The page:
spacepatches

space age collectables

ESA ATV-3 Automated Transfer Vehicle Official Embroidered Patch

ESA ATV-3 Automated Transfer Vehicle Official Embroidered Patch

Patch measures approx 90mm x 90mm

Official ATV-3 patch now available, ATV-4 could only be released following successful launch of ATV-3, please see next post.

ESA ATV-3 Automated Transfer Vehicle Official Embroidered Patch
ATV-3: Edoardo Amaldi


ESA's ATV3 is steadily coming together in Bremen
 
ATV-3’s cargo carrier
 

3 March 2010
 
The third ATV, to be launched to the ISS in early 2012, is named after famous Italian physicist and spaceflight pioneer Edoardo Amaldi.
 

The Italian space agency, ASI, proposed naming ATV-3 after the Italian physicist Edoardo Amaldi (5 September 1908 – 5 December 1989).

“He started working in nuclear physics with Enrico Fermi, did pioneering work in the field of cosmic rays and in the new field of particle physics, becoming an Italian reference character in nuclear science,” said Enrico Saggese, President of ASI.

“Amaldi was one of the few who in the post-war years prompted action ultimately leading to the founding of ESRO, and later ESA.”
 
 

 

ESA's third ATV vessel is named Edoardo Amaldi
   
Edoardo Amaldi, 1908-1989
 

Father of Italian space research
 
Edoardo Amaldi was a leading figure in Italian science in the 20th century, particularly in fundamental experimental physics.

In Rome, in the 1930s, Amaldi was a member of a group of young Italian scientists: the Via Panisperna boys (‘I ragazzi di Via Panisperna’), who, led by Enrico Fermi, made the famous discovery of slow neutrons, which later made possible the nuclear reactor.

He contributed to nuclear physics in the 1930s and 1940s and to cosmic rays and particle physics afterwards.

At the beginning of the 1950s, Amaldi was one of the founding fathers of the European Organisation for Nuclear Research (CERN) and from 1952 to 1954 he was Secretary General of CERN’s provisional organisation.

He then became a pioneer in the experimental search for gravitational waves in the 1970s.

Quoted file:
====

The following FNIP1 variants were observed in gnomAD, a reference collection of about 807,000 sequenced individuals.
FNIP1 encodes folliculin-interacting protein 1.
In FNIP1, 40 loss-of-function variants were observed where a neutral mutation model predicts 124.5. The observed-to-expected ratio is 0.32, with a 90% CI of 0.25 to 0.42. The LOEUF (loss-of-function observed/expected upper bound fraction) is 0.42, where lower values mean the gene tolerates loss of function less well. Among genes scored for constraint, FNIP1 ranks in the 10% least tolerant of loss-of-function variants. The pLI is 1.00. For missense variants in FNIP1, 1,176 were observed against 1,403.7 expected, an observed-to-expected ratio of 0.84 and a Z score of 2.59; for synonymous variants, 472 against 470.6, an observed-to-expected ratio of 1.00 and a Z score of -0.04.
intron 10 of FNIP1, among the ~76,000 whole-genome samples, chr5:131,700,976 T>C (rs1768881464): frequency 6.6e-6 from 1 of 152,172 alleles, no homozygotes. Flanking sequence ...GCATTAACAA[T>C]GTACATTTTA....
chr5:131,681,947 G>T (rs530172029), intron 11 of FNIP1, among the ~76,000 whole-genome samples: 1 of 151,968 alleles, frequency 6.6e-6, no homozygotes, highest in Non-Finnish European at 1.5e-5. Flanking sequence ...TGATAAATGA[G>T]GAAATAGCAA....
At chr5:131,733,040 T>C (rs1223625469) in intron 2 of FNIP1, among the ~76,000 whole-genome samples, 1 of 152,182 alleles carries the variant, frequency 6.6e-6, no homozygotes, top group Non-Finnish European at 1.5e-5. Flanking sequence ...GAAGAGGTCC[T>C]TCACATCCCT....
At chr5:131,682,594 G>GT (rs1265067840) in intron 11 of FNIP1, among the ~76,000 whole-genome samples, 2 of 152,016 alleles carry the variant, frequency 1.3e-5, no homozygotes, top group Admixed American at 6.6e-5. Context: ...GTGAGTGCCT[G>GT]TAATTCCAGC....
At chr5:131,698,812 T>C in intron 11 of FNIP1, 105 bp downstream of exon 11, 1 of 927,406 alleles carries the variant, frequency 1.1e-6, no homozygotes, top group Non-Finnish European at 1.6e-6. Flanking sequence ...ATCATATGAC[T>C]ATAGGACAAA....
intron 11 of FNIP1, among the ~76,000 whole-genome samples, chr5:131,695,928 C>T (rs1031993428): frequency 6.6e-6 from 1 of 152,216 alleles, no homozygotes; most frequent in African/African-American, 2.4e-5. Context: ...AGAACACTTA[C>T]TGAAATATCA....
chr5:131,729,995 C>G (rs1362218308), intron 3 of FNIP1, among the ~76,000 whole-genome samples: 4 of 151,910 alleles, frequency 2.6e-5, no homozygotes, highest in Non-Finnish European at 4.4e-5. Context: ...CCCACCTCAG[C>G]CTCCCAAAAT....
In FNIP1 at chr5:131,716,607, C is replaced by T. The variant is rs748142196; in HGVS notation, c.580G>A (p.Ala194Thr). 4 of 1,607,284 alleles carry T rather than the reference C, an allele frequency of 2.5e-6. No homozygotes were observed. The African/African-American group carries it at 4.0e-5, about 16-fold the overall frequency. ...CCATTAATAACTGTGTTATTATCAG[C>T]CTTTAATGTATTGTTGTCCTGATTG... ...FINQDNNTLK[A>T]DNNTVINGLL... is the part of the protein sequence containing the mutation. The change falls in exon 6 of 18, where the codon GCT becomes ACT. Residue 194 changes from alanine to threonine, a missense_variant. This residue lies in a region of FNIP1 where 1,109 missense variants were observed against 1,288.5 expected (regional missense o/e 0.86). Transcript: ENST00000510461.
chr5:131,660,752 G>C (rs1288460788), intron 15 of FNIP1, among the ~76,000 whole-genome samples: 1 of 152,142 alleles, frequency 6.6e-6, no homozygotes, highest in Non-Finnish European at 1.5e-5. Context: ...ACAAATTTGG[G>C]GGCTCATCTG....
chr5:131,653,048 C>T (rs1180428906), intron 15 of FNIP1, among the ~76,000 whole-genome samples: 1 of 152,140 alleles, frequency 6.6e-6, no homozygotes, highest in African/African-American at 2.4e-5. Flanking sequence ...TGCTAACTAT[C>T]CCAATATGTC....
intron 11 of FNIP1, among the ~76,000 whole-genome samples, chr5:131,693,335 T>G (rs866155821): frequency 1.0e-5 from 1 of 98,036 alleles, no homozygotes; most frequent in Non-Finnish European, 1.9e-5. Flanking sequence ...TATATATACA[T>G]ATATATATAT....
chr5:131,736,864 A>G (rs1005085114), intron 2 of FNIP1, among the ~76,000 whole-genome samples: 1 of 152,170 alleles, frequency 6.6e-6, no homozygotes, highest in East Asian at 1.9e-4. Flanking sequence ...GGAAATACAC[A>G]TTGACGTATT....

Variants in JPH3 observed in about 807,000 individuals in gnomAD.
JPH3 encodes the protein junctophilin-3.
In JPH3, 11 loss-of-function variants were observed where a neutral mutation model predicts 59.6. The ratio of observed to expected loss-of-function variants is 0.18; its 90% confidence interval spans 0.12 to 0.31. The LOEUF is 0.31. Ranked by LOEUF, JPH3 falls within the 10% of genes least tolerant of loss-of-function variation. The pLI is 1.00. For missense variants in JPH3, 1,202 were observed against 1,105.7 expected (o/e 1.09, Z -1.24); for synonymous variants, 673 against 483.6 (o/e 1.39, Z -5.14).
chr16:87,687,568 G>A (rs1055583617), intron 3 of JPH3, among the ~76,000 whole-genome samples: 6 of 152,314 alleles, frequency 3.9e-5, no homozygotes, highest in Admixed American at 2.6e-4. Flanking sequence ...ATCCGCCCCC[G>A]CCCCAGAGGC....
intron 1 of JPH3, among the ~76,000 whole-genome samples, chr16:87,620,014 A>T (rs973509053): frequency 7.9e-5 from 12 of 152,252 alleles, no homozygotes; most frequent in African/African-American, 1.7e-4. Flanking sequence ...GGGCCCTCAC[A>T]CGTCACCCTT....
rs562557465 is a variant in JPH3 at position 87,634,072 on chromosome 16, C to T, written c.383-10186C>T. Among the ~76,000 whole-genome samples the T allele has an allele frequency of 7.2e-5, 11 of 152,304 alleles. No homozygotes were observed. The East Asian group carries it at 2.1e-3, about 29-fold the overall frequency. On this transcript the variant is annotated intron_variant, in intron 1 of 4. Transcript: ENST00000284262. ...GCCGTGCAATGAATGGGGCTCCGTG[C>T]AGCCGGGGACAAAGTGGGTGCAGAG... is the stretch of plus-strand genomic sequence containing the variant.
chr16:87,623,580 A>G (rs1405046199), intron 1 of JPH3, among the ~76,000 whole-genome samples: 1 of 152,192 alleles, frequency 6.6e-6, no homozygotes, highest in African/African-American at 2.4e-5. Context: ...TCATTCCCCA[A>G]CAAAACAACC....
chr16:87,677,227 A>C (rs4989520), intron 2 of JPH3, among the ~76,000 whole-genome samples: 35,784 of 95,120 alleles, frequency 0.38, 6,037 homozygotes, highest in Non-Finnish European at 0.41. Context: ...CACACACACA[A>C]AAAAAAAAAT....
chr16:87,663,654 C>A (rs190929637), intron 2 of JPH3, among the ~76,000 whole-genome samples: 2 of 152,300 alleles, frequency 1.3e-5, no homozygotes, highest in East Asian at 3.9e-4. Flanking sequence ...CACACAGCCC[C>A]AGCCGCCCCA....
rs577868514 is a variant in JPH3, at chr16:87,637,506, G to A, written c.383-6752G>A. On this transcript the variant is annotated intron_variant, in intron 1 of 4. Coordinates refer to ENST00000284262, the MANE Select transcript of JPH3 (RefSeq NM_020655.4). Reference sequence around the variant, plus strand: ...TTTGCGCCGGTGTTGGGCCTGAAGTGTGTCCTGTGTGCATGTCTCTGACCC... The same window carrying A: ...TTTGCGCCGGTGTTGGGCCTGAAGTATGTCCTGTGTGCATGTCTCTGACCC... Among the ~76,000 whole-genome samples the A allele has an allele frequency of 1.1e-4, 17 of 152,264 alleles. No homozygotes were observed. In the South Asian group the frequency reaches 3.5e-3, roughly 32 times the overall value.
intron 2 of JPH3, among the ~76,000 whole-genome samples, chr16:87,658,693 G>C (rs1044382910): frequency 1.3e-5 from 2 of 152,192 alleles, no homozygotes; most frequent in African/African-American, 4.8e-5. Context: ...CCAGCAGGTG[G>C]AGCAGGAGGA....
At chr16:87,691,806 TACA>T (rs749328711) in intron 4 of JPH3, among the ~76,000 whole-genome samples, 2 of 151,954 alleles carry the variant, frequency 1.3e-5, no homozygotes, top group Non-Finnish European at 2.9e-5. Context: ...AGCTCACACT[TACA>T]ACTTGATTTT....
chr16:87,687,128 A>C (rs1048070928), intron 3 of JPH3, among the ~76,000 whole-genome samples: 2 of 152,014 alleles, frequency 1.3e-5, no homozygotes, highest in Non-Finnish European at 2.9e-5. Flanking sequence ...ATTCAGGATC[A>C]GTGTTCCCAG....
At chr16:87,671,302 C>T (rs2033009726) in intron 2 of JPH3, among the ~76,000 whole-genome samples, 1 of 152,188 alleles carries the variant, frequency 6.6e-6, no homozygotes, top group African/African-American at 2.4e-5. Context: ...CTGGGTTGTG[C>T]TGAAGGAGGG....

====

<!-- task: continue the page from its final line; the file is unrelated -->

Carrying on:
It is largely thanks to his drive that Italian physics emerged from the slump following the Second World War.

Amaldi’s concern for peace, and his strong feeling for the responsible role that the scientific community should play in this respect, was always a natural complement to his unshakable belief in the open nature of science and the need for international cooperation.
 
 

 

ESA's ATV3 is steadily coming together in Bremen
   
ATV-3’s avionics bay being delivered
 

“Italy is a key European country in our participation to the International Space Station partnership. By naming the ATV-3 after Edoardo Amaldi we celebrate a great Italian, but also a committed European who understood the importance of pooling resources and minds together to achieve important results,” said Simonetta Di Pippo, ESA Director for Human Spaceflight.

“We are paying tribute to a visionary mind, to a great scientist but also to an idea of cooperation that is also embodied in the International Space Station partnership.”
 
 

“The ATV is the first recurring production of an exploration spacecraft and places Europe a step closer to our partners. I am glad that Italy is taking so much pride in their participation in the ISS which is a recognition of their human and industrial capabilities.”

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March 25, 2012 Posted by | ESA, Hubble Space Telescope, international space station, Space Patches | , , , | Leave a comment

ISS Expedition 32 Embroiderd Patch